Anna Karina wouldn't make a very convincing tough guy, and she doesn't really try for it. Her main weapons are her beautiful, smoky eyes, which are always watching, and her killer mod wardrobe, which is regularly commented on, its practical use being to distract. Though she seems indifferent at times, that is really unflappable persistence. At one point, she is clocked on the head and wakes up in Widmark's auto garage, and she's not really affected. She gets up and begins asking her questions right where she left off. Godard dresses her in bright colors, and he and his regular cinematographer, Raoul Coutard, give the rest of Atlantic-Cité a matching neon glare. Billboards and posters are everywhere, advertising something or other, but they are also starting to crack, peel, and fade. They are interchangeable props, often being changed and/or dumped as Paula watches. American values based on commercialism don't take long to go out of date.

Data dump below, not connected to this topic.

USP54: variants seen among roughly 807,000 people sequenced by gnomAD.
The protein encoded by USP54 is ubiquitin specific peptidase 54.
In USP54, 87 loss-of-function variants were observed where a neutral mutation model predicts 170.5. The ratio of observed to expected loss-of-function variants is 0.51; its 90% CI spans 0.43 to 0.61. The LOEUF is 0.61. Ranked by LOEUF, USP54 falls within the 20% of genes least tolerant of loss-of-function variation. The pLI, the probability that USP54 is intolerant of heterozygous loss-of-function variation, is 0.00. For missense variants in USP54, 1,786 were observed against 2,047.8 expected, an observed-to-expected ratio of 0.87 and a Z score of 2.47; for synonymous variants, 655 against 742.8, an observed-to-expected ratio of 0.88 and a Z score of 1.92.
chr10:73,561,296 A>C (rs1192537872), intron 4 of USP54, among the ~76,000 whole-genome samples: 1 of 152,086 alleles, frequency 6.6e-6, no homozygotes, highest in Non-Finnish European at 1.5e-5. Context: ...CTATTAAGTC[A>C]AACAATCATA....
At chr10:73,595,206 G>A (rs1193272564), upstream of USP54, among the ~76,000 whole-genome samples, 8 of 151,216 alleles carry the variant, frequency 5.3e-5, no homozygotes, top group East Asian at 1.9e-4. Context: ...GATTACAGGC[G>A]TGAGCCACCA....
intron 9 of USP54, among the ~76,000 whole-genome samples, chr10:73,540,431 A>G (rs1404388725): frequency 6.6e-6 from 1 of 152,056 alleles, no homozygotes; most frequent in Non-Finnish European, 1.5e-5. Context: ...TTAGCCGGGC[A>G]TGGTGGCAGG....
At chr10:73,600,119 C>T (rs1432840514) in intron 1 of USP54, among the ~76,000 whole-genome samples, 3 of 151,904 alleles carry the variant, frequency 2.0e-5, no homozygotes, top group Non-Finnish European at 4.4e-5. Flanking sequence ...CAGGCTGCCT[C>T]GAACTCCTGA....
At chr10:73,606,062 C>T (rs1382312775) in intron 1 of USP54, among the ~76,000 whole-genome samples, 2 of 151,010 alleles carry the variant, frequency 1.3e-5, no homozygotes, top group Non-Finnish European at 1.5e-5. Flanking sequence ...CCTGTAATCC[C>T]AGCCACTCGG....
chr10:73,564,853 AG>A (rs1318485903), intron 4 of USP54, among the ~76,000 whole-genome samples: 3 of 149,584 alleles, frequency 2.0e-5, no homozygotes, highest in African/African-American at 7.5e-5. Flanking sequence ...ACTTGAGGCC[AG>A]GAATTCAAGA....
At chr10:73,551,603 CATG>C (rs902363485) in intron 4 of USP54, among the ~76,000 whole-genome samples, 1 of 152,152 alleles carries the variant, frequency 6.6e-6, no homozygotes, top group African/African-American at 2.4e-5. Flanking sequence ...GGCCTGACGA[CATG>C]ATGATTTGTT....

Perhaps this is what Paula has really come to kill off, the creeping influence of American thinking. There must have been a bitter irony for Godard that the country that gave him his beloved art was seeking to mold the world to its capitalist ways through that same art. (I am sure the global market has made that all the worse for him; I can't imagine him enjoying a Starbucks and a Big Mac.) If we choose to see Paula as a stand-in for Godard rather than one for Westlake's anti-hero, then once she has avenged Richard, there is no choice but to retreat from this strange American amalgam to something more European. Having political-minded journalist and filmmaker Philippe Labro--who himself studied and traveled in the United States before returning to France and serving in the military in the Algerian war, a path that likely inspired much of Paula's backstory--pick her up at the border in a car with the word Europe painted on the side* is the kind of deliberate agitprop symbol that was becoming increasingly attractive to Godard at the time. The film ends with them in the car discussing how the two-way thinking of right and left has become outmoded. Yet, typical of a movie that has gone out of its way to avoid clear answers, so too are no solutions offered before cutting to black. Paula asks, "How then?" and the only reply: FIN.

    [Non-text portions of this message have been removed]